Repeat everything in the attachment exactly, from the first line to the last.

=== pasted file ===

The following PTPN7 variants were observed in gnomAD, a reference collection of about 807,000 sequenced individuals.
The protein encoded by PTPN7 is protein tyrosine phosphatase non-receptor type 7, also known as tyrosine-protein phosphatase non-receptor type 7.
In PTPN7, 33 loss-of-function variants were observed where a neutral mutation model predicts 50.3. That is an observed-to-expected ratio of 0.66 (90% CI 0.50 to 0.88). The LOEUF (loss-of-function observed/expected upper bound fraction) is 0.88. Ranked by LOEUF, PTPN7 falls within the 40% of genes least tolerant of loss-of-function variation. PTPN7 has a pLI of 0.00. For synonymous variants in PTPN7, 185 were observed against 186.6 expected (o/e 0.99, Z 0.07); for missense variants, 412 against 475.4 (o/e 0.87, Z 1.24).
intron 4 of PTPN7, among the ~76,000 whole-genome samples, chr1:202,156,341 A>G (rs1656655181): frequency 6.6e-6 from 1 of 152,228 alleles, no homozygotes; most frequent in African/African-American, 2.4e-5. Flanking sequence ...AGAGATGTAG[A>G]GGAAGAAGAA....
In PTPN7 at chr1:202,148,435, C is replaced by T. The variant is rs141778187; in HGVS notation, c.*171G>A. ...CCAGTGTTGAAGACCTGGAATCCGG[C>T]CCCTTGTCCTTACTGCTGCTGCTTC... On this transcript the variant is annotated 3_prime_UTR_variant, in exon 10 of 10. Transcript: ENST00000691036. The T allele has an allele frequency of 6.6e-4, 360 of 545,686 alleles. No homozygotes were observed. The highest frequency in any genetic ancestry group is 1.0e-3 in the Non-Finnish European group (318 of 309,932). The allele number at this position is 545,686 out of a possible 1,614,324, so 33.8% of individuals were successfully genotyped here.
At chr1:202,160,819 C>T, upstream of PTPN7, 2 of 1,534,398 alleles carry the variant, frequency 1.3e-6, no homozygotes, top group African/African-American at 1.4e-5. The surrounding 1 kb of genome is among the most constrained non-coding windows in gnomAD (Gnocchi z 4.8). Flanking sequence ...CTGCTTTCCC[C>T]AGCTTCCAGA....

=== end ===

The following PTPN7 variants were observed in gnomAD, a reference collection of about 807,000 sequenced individuals.
The protein encoded by PTPN7 is protein tyrosine phosphatase non-receptor type 7, also known as tyrosine-protein phosphatase non-receptor type 7.
In PTPN7, 33 loss-of-function variants were observed where a neutral mutation model predicts 50.3. That is an observed-to-expected ratio of 0.66 (90% CI 0.50 to 0.88). The LOEUF (loss-of-function observed/expected upper bound fraction) is 0.88. Ranked by LOEUF, PTPN7 falls within the 40% of genes least tolerant of loss-of-function variation. PTPN7 has a pLI of 0.00. For synonymous variants in PTPN7, 185 were observed against 186.6 expected (o/e 0.99, Z 0.07); for missense variants, 412 against 475.4 (o/e 0.87, Z 1.24).
intron 4 of PTPN7, among the ~76,000 whole-genome samples, chr1:202,156,341 A>G (rs1656655181): frequency 6.6e-6 from 1 of 152,228 alleles, no homozygotes; most frequent in African/African-American, 2.4e-5. Flanking sequence ...AGAGATGTAG[A>G]GGAAGAAGAA....
In PTPN7 at chr1:202,148,435, C is replaced by T. The variant is rs141778187; in HGVS notation, c.*171G>A. ...CCAGTGTTGAAGACCTGGAATCCGG[C>T]CCCTTGTCCTTACTGCTGCTGCTTC... On this transcript the variant is annotated 3_prime_UTR_variant, in exon 10 of 10. Transcript: ENST00000691036. The T allele has an allele frequency of 6.6e-4, 360 of 545,686 alleles. No homozygotes were observed. The highest frequency in any genetic ancestry group is 1.0e-3 in the Non-Finnish European group (318 of 309,932). The allele number at this position is 545,686 out of a possible 1,614,324, so 33.8% of individuals were successfully genotyped here.
At chr1:202,160,819 C>T, upstream of PTPN7, 2 of 1,534,398 alleles carry the variant, frequency 1.3e-6, no homozygotes, top group African/African-American at 1.4e-5. The surrounding 1 kb of genome is among the most constrained non-coding windows in gnomAD (Gnocchi z 4.8). Flanking sequence ...CTGCTTTCCC[C>T]AGCTTCCAGA....